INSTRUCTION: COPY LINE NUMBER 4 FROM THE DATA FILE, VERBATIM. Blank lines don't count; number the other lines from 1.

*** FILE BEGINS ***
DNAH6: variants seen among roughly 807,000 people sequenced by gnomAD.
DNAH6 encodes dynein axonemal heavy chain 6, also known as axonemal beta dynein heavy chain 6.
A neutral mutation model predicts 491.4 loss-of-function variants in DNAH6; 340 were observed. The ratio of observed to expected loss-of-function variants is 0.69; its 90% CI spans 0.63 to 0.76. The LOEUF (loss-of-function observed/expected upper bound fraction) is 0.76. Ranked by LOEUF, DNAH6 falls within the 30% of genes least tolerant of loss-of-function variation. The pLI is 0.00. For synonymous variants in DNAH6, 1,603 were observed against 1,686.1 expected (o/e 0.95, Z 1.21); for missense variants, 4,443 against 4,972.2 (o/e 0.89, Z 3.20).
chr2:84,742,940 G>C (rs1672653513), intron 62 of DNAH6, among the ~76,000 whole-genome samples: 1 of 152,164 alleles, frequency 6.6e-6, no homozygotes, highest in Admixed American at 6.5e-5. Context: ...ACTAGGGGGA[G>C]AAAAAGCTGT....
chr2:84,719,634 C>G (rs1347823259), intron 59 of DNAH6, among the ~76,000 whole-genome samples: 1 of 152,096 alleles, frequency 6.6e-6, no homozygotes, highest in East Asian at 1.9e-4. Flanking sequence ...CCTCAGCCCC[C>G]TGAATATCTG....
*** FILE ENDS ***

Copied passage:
chr2:84,742,940 G>C (rs1672653513), intron 62 of DNAH6, among the ~76,000 whole-genome samples: 1 of 152,164 alleles, frequency 6.6e-6, no homozygotes, highest in Admixed American at 6.5e-5. Context: ...ACTAGGGGGA[G>C]AAAAAGCTGT....